In his later work Carnap talks of analysis as ‘explication’, though this also goes back to the Aufbau, where Carnap talked of ‘rational reconstruction’. (The connection between the two ideas is made clear in Carnap’s preface to the 2nd edition of the Aufbau). In Meaning and Necessity (1947), Carnap characterizes explication as follows:
The task of making more exact a vague or not quite exact concept used in everyday life or in an earlier stage of scientific or logical development, or rather of replacing it by a newly constructed, more exact concept, belongs among the most important tasks of logical analysis and logical construction. We call this the task of explicating, or of giving an explication for, the earlier concept … (1947, 7-8)
Carnap gives as examples Frege’s and Russell’s logicist explication of number terms such as ‘two’—“the term ‘two’ in the not quite exact meaning in which it is used in everyday life and in applied mathematics”—and their different explications of definite descriptions (1947, 8).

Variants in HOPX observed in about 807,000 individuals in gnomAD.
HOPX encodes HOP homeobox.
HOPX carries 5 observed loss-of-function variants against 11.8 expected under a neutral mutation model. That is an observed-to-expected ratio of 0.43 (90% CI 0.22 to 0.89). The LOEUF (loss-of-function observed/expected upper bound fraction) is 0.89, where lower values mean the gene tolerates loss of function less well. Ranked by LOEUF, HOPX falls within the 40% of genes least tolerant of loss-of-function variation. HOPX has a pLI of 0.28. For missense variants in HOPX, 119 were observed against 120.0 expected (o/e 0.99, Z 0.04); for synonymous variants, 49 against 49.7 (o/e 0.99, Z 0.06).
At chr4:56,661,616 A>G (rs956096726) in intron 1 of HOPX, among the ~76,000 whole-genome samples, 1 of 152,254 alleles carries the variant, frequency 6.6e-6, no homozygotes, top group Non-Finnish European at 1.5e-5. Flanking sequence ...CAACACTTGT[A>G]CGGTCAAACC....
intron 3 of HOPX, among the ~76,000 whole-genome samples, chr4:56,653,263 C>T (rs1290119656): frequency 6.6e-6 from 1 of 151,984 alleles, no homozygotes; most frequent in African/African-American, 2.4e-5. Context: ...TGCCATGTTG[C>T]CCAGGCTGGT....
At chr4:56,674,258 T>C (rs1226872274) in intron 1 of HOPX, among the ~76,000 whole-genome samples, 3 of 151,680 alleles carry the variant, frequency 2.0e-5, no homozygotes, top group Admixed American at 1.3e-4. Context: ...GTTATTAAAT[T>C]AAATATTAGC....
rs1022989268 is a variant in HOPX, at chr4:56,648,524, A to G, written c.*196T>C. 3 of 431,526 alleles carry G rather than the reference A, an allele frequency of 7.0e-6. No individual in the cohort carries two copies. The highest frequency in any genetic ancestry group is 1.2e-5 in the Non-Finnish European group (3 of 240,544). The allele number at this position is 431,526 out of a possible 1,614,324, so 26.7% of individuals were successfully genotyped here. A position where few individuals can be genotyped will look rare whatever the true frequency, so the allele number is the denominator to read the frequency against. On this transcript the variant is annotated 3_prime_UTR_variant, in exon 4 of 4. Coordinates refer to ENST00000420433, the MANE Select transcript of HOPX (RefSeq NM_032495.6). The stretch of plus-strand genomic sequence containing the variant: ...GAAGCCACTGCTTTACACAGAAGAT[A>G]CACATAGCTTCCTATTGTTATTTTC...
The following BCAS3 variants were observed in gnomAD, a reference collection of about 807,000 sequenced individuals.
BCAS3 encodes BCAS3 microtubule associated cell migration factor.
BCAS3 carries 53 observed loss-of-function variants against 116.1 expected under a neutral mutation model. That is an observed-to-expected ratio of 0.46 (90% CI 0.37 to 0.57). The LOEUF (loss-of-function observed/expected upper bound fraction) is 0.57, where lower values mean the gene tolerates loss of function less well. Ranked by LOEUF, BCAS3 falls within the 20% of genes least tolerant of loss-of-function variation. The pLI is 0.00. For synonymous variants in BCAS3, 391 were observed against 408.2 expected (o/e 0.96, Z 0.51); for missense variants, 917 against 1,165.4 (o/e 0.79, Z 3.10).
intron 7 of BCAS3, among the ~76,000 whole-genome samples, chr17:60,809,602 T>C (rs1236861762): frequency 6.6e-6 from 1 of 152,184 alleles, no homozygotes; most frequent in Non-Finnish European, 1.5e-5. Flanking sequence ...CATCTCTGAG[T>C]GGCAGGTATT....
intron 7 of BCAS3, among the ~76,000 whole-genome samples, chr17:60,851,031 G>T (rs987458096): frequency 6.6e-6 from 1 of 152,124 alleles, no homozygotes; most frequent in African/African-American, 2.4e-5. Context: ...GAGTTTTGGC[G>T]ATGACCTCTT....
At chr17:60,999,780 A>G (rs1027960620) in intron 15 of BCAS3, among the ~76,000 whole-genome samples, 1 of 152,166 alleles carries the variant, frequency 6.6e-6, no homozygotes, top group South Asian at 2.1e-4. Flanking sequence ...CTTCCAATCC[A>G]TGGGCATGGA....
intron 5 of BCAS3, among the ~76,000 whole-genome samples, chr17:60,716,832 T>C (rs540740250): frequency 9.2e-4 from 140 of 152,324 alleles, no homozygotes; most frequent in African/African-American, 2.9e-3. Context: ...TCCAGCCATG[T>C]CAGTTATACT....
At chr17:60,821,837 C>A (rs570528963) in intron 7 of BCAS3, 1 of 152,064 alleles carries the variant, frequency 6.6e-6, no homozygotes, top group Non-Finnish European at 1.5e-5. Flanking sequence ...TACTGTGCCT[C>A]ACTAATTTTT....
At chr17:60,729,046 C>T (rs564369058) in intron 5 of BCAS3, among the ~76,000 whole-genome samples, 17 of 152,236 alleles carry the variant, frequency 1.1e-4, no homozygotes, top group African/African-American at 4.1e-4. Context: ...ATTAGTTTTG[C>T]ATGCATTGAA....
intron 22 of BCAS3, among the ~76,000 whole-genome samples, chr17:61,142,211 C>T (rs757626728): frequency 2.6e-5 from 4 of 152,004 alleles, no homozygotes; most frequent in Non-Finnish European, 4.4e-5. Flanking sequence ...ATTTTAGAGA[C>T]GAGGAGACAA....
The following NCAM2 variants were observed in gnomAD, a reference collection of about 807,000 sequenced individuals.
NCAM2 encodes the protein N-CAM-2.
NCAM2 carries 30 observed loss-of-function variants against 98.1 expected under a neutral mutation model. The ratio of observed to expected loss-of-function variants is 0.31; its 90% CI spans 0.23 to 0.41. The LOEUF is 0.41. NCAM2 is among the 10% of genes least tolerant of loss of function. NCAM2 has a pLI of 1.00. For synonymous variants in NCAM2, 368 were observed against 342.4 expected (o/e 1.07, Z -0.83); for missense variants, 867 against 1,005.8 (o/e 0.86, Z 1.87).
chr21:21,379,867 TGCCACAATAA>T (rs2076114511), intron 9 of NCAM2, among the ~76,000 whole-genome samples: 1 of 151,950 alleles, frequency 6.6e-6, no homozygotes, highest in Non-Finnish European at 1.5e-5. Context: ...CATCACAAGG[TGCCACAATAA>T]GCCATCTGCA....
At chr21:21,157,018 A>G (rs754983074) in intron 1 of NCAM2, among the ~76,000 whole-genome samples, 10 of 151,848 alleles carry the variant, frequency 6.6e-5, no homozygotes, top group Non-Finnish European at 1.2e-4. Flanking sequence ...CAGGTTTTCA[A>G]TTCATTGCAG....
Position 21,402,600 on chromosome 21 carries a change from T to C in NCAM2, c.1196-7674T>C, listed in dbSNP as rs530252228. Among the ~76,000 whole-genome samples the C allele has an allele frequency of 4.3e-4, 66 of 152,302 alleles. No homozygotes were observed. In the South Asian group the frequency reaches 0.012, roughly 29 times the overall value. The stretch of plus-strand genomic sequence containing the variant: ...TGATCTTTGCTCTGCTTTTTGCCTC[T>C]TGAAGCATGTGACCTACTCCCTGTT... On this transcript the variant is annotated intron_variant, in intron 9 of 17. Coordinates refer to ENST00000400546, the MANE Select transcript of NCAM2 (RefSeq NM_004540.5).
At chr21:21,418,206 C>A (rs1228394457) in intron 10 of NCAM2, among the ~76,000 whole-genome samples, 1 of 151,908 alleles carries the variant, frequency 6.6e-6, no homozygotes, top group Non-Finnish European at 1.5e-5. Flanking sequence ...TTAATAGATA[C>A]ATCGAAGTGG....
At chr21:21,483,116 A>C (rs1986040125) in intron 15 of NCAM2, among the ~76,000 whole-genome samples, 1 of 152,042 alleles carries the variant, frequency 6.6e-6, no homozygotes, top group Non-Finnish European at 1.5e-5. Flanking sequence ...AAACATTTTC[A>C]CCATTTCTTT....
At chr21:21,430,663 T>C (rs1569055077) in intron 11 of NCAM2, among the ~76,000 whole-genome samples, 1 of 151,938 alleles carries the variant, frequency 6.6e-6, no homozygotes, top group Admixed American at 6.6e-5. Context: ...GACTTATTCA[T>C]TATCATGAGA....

A fuller discussion of explication is provided in the first chapter of Logical Foundations of Probability (1950 [Quotation]), where Carnap offers criteria of adequacy for explication, and gives as his main example the concept of temperature as explicating the vaguer concept of warmth. The idea of a scientifically defined concept replacing an everyday concept may be problematic, but the idea that analysis involves ‘translating’ something into a richer theoretical system is not only characteristic of a central strand in analytic philosophy but has also been fruitful throughout the history of philosophy. In effect, it originates in ancient Greek geometry, though it can be seen more prominently in analytic geometry (see the supplementary section on Descartes and Analytic Geometry). It is not therefore new, but it was certainly foregrounded in philosophy and given a modern lease of life in the context of the new logical systems developed by Frege, Russell and Carnap.